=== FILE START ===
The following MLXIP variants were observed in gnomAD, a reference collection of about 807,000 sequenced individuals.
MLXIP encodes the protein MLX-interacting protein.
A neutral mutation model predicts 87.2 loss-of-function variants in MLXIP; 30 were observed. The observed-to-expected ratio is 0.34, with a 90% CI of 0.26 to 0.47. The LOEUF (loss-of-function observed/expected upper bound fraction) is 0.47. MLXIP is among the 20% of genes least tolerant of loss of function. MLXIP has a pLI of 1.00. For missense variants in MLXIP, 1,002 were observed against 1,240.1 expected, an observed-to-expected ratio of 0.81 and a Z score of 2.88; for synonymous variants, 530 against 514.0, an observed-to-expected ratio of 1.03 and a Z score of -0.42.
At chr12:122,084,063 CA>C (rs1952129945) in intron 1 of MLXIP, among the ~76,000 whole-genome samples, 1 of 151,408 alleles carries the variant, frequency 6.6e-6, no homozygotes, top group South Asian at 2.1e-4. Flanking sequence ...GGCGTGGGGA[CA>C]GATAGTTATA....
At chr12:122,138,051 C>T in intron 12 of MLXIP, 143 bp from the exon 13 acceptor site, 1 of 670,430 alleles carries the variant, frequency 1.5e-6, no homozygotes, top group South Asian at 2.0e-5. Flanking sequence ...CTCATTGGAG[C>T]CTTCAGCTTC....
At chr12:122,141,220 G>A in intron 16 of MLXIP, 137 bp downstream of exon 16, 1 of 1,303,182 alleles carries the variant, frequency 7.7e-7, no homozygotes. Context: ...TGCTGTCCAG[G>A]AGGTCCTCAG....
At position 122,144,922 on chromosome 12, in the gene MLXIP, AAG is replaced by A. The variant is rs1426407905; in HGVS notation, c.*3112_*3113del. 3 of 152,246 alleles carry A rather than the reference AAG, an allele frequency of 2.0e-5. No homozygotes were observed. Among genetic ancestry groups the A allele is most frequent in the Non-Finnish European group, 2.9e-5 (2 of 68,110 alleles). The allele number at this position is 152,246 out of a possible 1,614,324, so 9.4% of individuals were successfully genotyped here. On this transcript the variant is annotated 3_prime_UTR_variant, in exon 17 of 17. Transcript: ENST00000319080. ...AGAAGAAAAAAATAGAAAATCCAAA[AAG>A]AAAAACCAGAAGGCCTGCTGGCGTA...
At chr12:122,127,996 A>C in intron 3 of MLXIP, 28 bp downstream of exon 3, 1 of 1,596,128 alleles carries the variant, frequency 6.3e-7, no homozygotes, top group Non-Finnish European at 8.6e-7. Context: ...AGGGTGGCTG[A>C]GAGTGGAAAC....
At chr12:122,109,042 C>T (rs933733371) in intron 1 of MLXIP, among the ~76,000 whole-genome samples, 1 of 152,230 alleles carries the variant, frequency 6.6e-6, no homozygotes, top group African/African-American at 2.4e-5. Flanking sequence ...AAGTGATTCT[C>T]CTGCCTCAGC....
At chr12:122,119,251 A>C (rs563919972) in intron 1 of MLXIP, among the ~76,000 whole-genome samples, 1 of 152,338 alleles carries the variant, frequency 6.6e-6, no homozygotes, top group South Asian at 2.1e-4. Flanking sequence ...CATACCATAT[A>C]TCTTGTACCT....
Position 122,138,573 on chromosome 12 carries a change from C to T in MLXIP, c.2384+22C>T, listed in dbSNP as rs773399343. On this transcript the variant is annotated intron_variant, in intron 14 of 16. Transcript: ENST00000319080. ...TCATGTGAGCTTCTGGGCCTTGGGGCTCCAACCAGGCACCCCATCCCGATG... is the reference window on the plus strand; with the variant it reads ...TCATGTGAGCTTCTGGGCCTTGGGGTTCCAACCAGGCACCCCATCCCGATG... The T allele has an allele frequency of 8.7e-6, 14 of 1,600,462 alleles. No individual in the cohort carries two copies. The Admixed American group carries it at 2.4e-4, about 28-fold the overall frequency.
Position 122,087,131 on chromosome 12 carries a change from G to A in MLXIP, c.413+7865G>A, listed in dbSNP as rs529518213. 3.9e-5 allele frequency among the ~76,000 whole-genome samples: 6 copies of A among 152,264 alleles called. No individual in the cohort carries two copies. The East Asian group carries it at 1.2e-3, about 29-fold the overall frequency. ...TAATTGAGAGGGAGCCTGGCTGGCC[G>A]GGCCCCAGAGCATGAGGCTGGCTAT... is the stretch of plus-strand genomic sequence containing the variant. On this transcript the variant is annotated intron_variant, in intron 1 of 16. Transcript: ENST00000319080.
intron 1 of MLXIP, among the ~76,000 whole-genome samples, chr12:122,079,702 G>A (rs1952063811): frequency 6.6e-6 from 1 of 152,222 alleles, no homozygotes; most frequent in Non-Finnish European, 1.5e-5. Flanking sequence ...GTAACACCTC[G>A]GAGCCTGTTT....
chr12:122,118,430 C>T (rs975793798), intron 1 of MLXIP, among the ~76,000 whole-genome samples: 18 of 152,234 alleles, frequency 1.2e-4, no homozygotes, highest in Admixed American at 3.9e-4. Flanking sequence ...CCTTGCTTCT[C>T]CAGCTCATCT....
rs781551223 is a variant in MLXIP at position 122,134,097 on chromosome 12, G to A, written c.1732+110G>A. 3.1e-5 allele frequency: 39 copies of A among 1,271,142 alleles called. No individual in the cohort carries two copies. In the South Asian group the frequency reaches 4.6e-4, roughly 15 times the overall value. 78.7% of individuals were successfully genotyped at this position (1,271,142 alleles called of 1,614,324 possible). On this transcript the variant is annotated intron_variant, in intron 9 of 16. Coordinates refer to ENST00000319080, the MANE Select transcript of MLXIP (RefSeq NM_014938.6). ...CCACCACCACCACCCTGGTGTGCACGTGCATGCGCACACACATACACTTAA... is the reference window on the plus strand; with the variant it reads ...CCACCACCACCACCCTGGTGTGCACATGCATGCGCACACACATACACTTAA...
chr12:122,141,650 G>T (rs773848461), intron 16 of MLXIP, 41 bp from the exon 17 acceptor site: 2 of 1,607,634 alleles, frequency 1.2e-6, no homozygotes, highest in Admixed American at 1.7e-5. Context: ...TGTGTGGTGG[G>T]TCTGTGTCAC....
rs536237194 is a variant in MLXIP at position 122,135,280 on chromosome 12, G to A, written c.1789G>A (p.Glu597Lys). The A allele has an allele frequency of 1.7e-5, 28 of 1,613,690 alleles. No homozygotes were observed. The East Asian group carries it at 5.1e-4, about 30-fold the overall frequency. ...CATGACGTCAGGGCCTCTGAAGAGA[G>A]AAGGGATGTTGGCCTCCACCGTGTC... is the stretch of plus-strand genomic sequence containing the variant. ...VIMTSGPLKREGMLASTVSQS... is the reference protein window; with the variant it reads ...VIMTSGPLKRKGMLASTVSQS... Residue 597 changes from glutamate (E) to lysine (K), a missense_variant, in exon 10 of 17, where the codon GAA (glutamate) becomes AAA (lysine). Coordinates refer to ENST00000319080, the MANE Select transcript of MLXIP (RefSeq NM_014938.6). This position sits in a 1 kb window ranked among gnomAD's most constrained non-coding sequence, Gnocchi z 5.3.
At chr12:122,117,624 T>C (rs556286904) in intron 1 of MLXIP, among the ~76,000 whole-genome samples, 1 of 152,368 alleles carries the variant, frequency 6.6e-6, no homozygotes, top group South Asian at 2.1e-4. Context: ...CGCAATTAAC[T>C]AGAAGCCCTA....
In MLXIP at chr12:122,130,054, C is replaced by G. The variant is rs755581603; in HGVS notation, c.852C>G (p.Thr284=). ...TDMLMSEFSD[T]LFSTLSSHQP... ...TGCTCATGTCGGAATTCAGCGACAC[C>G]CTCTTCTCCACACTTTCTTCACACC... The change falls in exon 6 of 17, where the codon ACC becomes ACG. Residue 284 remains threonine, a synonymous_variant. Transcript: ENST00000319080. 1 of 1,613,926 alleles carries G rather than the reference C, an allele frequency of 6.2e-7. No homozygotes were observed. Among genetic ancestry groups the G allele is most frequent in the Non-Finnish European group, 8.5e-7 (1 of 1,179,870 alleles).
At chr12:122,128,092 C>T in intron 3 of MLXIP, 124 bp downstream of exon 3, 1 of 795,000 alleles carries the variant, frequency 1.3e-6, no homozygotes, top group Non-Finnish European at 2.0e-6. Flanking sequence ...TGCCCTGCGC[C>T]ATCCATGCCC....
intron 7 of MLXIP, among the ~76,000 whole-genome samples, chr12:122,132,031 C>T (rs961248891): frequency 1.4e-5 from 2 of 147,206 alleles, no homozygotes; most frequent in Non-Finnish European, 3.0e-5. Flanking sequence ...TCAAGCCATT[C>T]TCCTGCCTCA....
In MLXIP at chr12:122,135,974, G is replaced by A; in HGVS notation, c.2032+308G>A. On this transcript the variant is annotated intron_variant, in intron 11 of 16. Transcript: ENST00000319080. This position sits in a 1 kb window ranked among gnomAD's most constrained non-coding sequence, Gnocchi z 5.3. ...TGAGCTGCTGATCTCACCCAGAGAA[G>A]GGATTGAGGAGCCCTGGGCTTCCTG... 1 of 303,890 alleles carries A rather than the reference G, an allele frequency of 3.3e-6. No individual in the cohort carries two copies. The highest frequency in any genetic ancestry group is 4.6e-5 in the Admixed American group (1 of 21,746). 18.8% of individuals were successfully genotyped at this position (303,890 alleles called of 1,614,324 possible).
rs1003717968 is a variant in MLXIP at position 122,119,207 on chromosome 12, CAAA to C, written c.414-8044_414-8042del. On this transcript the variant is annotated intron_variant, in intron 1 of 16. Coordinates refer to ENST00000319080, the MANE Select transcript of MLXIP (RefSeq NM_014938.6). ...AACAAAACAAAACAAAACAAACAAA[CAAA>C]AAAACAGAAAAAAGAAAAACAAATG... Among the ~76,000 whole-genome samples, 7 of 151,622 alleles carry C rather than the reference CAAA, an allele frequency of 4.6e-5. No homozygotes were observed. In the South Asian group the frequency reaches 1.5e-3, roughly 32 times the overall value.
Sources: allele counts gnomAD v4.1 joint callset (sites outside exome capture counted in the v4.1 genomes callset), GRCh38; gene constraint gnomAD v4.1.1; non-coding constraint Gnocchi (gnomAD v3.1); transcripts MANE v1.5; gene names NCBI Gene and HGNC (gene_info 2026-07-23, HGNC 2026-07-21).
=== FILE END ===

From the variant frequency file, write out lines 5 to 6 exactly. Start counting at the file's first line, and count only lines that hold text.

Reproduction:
At chr12:122,138,051 C>T in intron 12 of MLXIP, 143 bp from the exon 13 acceptor site, 1 of 670,430 alleles carries the variant, frequency 1.5e-6, no homozygotes, top group South Asian at 2.0e-5. Flanking sequence ...CTCATTGGAG[C>T]CTTCAGCTTC....
At chr12:122,141,220 G>A in intron 16 of MLXIP, 137 bp downstream of exon 16, 1 of 1,303,182 alleles carries the variant, frequency 7.7e-7, no homozygotes. Context: ...TGCTGTCCAG[G>A]AGGTCCTCAG....